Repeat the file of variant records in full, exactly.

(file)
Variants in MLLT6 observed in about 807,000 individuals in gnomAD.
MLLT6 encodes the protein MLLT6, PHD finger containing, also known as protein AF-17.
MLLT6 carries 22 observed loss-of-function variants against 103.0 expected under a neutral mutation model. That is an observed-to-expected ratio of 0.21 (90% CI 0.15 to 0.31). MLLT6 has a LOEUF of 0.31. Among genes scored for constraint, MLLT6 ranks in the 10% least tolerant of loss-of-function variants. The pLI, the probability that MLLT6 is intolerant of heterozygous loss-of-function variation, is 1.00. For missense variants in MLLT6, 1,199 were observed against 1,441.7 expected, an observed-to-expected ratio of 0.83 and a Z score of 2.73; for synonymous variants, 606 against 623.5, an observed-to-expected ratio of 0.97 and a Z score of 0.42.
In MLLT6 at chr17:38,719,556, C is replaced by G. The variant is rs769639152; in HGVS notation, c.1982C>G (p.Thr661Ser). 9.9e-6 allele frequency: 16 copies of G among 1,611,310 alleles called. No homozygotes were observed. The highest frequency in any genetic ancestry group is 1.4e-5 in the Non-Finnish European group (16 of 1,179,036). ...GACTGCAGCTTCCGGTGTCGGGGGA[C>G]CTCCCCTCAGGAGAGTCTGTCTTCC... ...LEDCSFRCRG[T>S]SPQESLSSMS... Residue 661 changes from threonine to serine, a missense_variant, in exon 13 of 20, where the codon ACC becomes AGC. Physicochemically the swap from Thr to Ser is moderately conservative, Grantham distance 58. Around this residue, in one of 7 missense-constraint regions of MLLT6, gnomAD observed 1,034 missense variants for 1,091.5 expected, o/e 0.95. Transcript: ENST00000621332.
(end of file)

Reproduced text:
Variants in MLLT6 observed in about 807,000 individuals in gnomAD.
MLLT6 encodes the protein MLLT6, PHD finger containing, also known as protein AF-17.
MLLT6 carries 22 observed loss-of-function variants against 103.0 expected under a neutral mutation model. That is an observed-to-expected ratio of 0.21 (90% CI 0.15 to 0.31). MLLT6 has a LOEUF of 0.31. Among genes scored for constraint, MLLT6 ranks in the 10% least tolerant of loss-of-function variants. The pLI, the probability that MLLT6 is intolerant of heterozygous loss-of-function variation, is 1.00. For missense variants in MLLT6, 1,199 were observed against 1,441.7 expected, an observed-to-expected ratio of 0.83 and a Z score of 2.73; for synonymous variants, 606 against 623.5, an observed-to-expected ratio of 0.97 and a Z score of 0.42.
In MLLT6 at chr17:38,719,556, C is replaced by G. The variant is rs769639152; in HGVS notation, c.1982C>G (p.Thr661Ser). 9.9e-6 allele frequency: 16 copies of G among 1,611,310 alleles called. No homozygotes were observed. The highest frequency in any genetic ancestry group is 1.4e-5 in the Non-Finnish European group (16 of 1,179,036). ...GACTGCAGCTTCCGGTGTCGGGGGA[C>G]CTCCCCTCAGGAGAGTCTGTCTTCC... ...LEDCSFRCRG[T>S]SPQESLSSMS... Residue 661 changes from threonine to serine, a missense_variant, in exon 13 of 20, where the codon ACC becomes AGC. Physicochemically the swap from Thr to Ser is moderately conservative, Grantham distance 58. Around this residue, in one of 7 missense-constraint regions of MLLT6, gnomAD observed 1,034 missense variants for 1,091.5 expected, o/e 0.95. Transcript: ENST00000621332.